Texas' attorney faces tough questions from judges on final day of voter ID case

The attorney defending Texas over its controversial voter ID law faced a tough room during closing arguments Friday, as federal judges grilled him and one claimed the record shows the law puts a "disproportionate" burden on minorities.

The judges assumed a skeptical tone as they wrapped up five days of trial, suggesting the state may face a heavy lift in persuading the three-judge panel to overrule the Justice Department -- which concluded in March that the Texas law requiring voters to have certain ID to cast a ballot is illegal by disproportionately disenfranchising Hispanic voters.

At the beginning of session Friday, Texas' attorney John Hughes said his closing arguments would last 20 minutes. But the argument turned into a back-and-forth lasting more than an hour, as judges frequently interrupted Hughes to pose various questions. Hughes repeatedly rejected the notion that the Lone Star State's voter ID law, passed last year, would affect minorities any differently than it would affect white voters.

"(It) does not deny or abridge the right to vote on account of race or color," Hughes told the judges.

He repeatedly said "social science" presented to the court, particularly past surveys of voters, shows that voter ID laws don't stop eligible voters from going to the polls. He noted that the Justice Department's "own expert" in the trial, Harvard University professor Stephen Ansolabehere, analyzed data from states with voter ID laws and wrote an article in 2009 which said "the actual denials of the vote in these two surveys suggest that photo-ID laws may prevent almost no one from voting."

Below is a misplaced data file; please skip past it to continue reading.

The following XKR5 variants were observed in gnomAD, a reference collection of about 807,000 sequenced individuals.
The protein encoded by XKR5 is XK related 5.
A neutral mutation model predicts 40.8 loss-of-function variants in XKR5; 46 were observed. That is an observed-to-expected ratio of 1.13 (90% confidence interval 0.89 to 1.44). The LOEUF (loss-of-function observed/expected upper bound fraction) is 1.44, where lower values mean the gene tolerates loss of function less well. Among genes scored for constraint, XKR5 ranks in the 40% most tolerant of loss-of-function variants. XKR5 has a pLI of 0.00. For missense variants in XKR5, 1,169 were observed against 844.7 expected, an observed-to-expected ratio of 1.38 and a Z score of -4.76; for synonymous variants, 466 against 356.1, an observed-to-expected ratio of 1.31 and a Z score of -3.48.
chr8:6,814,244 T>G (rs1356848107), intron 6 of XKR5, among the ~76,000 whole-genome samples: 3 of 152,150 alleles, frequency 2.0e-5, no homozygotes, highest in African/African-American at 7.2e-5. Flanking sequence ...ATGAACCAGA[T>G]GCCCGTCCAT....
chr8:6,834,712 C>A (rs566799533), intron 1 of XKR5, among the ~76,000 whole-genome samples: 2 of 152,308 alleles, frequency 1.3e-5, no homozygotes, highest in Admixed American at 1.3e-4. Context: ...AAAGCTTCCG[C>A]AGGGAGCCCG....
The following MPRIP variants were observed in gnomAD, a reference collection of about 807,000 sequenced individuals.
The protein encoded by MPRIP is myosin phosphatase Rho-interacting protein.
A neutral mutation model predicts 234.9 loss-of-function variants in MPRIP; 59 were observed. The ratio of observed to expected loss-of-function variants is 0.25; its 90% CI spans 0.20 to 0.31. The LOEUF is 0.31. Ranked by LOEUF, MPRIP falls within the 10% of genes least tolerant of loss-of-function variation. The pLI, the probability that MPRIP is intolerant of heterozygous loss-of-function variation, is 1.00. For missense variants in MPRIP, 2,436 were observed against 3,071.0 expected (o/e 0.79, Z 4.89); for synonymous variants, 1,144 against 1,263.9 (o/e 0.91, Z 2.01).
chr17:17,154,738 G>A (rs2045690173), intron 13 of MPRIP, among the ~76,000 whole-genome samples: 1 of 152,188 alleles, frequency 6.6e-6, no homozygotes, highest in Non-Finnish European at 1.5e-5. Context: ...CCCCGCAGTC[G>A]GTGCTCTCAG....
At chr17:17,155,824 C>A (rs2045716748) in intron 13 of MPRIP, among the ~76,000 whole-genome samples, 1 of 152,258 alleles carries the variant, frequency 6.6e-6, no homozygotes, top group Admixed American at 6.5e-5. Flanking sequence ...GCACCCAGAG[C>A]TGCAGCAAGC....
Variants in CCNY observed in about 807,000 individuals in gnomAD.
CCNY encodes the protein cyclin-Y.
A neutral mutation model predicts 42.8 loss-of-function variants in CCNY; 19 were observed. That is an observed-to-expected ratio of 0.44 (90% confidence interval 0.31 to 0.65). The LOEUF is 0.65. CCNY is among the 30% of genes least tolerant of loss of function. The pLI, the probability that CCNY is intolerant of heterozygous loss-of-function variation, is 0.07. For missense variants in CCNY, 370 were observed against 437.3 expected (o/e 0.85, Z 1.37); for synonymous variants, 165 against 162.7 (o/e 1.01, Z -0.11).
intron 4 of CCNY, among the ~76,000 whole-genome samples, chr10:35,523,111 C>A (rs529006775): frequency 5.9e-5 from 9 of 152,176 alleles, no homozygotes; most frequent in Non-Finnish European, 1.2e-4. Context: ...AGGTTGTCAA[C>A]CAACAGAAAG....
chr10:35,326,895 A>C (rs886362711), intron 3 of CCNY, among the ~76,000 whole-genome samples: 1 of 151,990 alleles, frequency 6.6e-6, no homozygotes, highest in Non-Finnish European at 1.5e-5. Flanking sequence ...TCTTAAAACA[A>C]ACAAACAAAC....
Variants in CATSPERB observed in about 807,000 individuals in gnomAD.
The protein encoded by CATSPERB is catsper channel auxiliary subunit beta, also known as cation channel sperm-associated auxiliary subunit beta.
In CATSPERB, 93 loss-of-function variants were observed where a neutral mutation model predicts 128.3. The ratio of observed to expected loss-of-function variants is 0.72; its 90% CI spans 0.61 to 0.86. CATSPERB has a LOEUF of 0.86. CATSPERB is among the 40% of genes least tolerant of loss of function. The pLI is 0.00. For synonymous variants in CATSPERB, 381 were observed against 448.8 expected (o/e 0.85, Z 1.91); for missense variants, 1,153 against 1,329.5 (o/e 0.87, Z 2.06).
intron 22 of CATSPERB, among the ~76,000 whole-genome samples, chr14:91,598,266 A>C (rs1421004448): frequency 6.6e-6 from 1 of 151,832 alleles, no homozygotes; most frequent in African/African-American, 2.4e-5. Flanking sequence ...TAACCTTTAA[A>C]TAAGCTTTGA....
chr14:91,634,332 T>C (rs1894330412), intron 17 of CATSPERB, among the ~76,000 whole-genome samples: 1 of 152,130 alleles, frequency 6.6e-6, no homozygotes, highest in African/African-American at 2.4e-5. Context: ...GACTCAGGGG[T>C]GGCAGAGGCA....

But Judge David Tatel, from the U.S. Court of Appeals for the District of Columbia, jumped in to say Ansolabehere testified this week that "his research shows a different situation in Texas" than in the other states that formed the basis for his 2009 article.

And while in response Hughes said Ansolabehere "admitted he has no opinion on the ultimate effect of" the Texas voter ID law, U.S. District Judge Rosemary Collyer said that "doesn't undercut his evidence that there is an uneven influence on the numbers of minorities in Texas who do not possess the requisite identification."

Under the Voting Rights Act of 1965, the Justice Department can block some states from making changes to their voting laws -- unless a federal court rules otherwise.

Justice Department attorney Matthew Colangelo, in a closing argument that was much shorter and less heated than Hughes', told the judges the Texas voter ID law is "exactly the type of law" Congress had in mind when it passed the Voting Rights Act to end "discriminatory practices."

In a report submitted to the judges before the trial began Monday, Ansolabehere, a political science professor, said he determined that 11 percent of white registered voters in Texas don't have a state ID, 18 percent of Hispanic registered voters don't have a state ID, and 21 percent of black registered voters don't have a state ID.

Hughes called Ansolabehere's conclusions "hopelessly flawed" because there are "categorical problems" with the data he used for his analysis.

Hughes noted that Ansolabehere did not look at whether voters he declared as lacking valid ID actually possessed federal identification acceptable under the Texas voter ID law, such as a U.S. passport. Hughes also said demographic data provided to Ansolabehere by a liberal-leaning firm was unreliable, with University of Texas professor Daron Shaw testifying that one-third of 600 voters identified as black were not in fact black.

Questioning the Justice Department's assertions that 1.5 million people could be impacted by the Texas voter ID law, Hughes said "if that were remotely true the courtroom would be filled" with people opposing the law.